Most college students don't spend their Thursday nights helping younger kids with homework — but that's how Nicole Sorensen consistently chooses to spend hers.

Sorensen, a junior elementary education major, volunteers at the after-school Homework Room program, a free service offered four days per week by Page 15, an organization that aims to provide literacy enrichment for kids to inspire them with a passion for reading and writing.

In the mellow, vibrantly-colored room in the Downtown Recreation Complex, about 15 children from second to twelfth grade spend their afternoons and evenings reading with volunteers or doing homework with tutors.

Sorensen started volunteering at the Homework Room last spring as part of a class requirement, but said she enjoyed it so much that she decided to continue helping weekly — the kids drew her to stay.

"When you see that 'aha' moment, when their eyes light up, it's just the best feeling in the world — you can't compare it to anything else," she said. "I've learned that every student is different, and you really have to use unique methods to keep them motivated to do their work."

In 2008, Julia Young, executive director and founder of Page 15, started the organization as an Orlando native with a thirst for giving back. Young wanted to infuse the community with her love for language and literature. Her grandmother, a voracious reader, had a single rule when it came to books: always read to page 15 of any book before giving up — hence, the namesake of the organization.

Page 15 functions under the Urban Think Foundation, a nonprofit organization that funds and supports educational and creative programs in Orlando. In March 2014, Page 15 received a $40,000 Disney grant to fund programs like the Homework Room. Phil Zoshak, program manager and UCF alumnus, has been with the organization for four years.

"It's my dream job, still, after four years," Zoshak said. Along with being a role model for the kids, Zoshak added that he enjoys being a mentor for the volunteers.

UCF LEAD scholars Sean Dovale, junior biomedical sciences major, and Johnathan Chee, sophomore aerospace engineering major, carpool from campus every week to volunteer at the Homework Room. Dovale was reading a book with Hannah Kinnitt, 8, who said she likes the program and the volunteers.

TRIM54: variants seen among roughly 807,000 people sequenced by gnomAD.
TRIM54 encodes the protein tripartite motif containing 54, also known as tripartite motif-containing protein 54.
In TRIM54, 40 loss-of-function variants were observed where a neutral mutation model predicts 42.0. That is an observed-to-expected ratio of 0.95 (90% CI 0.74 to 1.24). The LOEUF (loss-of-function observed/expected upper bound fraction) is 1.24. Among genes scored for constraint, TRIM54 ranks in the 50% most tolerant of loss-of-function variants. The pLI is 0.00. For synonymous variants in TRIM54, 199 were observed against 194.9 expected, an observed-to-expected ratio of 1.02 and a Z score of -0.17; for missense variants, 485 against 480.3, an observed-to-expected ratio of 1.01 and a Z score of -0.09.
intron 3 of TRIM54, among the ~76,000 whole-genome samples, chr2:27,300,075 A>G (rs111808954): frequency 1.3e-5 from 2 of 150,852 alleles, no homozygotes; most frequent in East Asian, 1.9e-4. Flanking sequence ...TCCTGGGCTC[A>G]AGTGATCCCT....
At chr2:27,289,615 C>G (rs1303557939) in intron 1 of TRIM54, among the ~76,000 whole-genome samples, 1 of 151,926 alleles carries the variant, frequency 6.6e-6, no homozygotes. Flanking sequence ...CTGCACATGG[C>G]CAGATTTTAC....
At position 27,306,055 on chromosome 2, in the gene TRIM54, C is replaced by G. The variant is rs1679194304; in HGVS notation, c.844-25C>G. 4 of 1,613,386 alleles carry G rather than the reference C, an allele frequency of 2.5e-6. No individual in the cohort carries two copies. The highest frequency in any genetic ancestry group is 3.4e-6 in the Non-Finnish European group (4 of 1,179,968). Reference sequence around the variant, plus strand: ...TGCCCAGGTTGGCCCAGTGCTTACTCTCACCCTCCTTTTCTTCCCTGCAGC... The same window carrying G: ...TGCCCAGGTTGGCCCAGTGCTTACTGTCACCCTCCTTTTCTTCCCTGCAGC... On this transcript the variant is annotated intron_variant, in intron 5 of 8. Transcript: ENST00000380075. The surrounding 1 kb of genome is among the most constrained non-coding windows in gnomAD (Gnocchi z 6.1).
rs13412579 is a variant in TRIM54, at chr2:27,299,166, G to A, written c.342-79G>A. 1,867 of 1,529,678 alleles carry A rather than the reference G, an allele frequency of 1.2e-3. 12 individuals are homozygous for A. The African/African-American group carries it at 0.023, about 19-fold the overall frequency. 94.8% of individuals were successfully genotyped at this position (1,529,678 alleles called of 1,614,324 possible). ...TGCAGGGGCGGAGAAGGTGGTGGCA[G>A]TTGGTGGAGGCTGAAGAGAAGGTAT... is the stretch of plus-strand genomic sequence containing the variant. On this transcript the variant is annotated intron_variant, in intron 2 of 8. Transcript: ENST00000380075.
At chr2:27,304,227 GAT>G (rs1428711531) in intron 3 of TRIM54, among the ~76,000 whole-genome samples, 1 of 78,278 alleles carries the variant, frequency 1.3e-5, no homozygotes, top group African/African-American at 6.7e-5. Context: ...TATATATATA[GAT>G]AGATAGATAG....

"They're nice, kind and they help you with a lot of stuff, like with your homework or if you need help printing any papers," Hannah said.

Dovale and Chee agree that the program allows students to learn while having fun in a relaxed atmosphere. Chee said that he chose to volunteer at Page 15 because he wanted to directly help kids instead of maneuver through monotonous tasks at an office job.

While some kids may be shy to ask for help, Sky Walton, 13, wasn't hesitant about asking her tutor for help on math homework, which happens to be her favorite, but toughest, subject. The ambitious student said she enjoys writing and wishes she could stay at the Homework Room for longer than an hour to work on creative writing prompts.

"We can actually build a relationship with them that isn't stale, that they can embrace … and understand the kids on a more personal level," said Sky's tutor, Kevin Zipper, a senior English literature major.

Sky is not alone in her love of writing. Zuha Syyeda, 8, once asked Sorensen if she could write an essay — for fun — about how paper was invented, and insisted that she pull out her smartphone to help research information about paper. Sorensen said she cherishes watching kids like Zuha flourish.

"[Teaching is] one of the most rewarding careers anyone could ever have … because you're actually making a difference in the moment when you're helping them learn."

Get involved

Page 15 is always in need of volunteers. Students can fill out forms at

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